A University of California-Davis study (“Incidence and effects of West Nile virus infection in vaccinated and unvaccinated horses in California,” Veterinary Research, Jan-Feb 2007) shows that vaccination against West Nile virus (WNV) encephalitis not only works but is 45 times less expensive than treating a horse with the disease.
A flavivirus transmitted by mosquitoes, WNV causes potentially fatal neurologic illness in approximately 5 percent of infected horses. About 25,000 horses have become clinically ill and 8,000 have died as a result of WNV infection since the organism was first identified in North America in 1999. The first equine vaccine against WNV was introduced in 2001; there are now three on the market.
The study, designed to compare WNV incidence in vaccinated and unvaccinated horses, was based on 192 horses. Of these, 155 were vaccinated before the start of mosquito season in 2004, with either a killed or live virus vaccine, and the remaining 37 were not vaccinated.
Noting that WNV was not present in northern California until the summer of 2004, David Wilson, DVM, says, “During the following year, none of the vaccinated horses developed clinical signs of WNV, while two of the nonvaccinated horses became ill and exhibited neurological signs.”
Click here to learn when you may need to adjust your horse’s vaccination plan.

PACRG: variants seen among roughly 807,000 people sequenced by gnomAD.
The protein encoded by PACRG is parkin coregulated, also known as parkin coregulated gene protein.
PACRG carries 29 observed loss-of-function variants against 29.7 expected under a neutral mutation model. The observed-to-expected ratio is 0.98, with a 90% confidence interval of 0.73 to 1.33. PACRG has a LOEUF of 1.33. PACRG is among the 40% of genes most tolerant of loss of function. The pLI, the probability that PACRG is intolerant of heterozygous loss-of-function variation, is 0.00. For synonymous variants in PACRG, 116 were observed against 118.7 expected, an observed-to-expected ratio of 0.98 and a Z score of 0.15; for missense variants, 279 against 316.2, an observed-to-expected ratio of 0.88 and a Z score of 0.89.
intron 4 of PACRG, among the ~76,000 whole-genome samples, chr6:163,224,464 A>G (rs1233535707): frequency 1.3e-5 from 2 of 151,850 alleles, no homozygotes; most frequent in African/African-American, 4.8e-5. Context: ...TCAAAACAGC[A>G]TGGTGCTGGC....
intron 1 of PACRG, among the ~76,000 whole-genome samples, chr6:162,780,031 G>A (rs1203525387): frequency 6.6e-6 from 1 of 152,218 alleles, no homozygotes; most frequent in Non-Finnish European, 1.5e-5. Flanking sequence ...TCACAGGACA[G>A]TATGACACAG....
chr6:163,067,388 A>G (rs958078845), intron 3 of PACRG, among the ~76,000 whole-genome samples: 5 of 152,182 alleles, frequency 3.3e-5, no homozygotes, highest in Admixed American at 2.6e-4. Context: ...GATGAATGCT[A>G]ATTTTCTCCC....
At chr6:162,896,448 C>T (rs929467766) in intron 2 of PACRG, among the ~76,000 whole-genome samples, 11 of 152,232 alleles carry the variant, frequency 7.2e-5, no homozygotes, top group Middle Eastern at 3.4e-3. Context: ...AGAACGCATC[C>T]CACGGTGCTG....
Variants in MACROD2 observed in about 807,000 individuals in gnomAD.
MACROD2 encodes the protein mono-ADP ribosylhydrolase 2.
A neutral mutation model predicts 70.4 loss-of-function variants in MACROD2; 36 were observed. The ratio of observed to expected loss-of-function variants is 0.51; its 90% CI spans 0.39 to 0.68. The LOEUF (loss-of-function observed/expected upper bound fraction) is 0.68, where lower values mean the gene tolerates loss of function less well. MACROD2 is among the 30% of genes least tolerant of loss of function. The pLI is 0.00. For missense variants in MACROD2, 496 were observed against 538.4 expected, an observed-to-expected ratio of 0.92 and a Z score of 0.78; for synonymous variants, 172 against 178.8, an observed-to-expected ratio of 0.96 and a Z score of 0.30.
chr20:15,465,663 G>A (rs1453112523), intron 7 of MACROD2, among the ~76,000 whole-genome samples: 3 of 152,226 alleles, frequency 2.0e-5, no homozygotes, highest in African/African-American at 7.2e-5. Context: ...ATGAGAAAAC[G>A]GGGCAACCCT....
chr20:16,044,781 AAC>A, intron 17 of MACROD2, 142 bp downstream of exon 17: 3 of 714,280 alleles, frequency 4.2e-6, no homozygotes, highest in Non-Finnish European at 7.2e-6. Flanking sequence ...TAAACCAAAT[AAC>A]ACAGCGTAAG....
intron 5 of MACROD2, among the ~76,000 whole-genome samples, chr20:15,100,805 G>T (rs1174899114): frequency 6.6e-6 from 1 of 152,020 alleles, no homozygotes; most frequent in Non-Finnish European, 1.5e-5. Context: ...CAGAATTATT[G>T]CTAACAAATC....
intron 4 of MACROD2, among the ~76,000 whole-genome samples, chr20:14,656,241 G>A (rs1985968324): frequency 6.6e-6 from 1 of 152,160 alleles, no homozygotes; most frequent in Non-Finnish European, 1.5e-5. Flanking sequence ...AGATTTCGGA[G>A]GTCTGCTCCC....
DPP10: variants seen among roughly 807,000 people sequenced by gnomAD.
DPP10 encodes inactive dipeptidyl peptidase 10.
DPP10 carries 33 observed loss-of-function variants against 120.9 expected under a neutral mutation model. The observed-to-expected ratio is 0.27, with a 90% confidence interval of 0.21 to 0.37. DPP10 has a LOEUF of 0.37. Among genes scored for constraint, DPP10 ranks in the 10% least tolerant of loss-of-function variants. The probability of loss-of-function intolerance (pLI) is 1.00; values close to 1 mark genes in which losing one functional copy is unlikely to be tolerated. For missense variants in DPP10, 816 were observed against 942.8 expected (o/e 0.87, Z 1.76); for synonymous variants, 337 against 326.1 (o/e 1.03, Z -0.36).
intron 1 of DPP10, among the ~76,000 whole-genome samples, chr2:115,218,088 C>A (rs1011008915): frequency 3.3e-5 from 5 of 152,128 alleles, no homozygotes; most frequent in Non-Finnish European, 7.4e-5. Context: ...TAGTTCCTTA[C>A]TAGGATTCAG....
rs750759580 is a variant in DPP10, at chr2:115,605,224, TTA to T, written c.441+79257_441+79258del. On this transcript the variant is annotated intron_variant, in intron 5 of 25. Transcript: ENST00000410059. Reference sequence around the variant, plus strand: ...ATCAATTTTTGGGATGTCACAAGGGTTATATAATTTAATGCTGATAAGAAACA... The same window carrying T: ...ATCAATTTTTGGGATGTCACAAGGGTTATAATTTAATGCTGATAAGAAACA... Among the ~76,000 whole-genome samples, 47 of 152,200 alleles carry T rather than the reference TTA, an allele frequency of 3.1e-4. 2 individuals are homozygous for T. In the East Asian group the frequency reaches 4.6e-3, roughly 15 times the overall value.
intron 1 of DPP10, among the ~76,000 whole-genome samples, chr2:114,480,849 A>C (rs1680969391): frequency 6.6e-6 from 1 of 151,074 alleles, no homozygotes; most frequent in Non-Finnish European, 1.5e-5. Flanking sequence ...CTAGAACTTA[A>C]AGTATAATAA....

In addition, 68 percent of the unvaccinated horses developed antibodies to WNV, indicating exposure to the organism, even though they remained healthy. Both ill horses were referred to the UC-Davis Veterinary Medical Teaching Hospital and required intensive supportive care, including slings, intravenous fluids, Banamine and hyperimmune plasma. One horse became so ill he was euthanized; the other recovered.
When the researchers averaged the treatment cost of the two horses, they found it to be nearly $3,000. The annual expense for vaccinating a horse against West Nile virus is between $60 and $80, depending on the cost of a farm call to administer the injection. “Of course, treatment costs will vary with the severity of the illness,” says Wilson, “but even a mild case of WNV is still going to be much more expensive than vaccination.” The researchers conclude that WNV vaccination is a cost-effective management measure.
This article originally appeared in the September 2007 issue of EQUUS magazine.
Don’t miss out! With the free weekly EQUUS newsletter, you’ll get the latest horse health information delivered right to your in basket! If you’re not already receiving the EQUUS newsletter, click here to sign up. It’s *free*!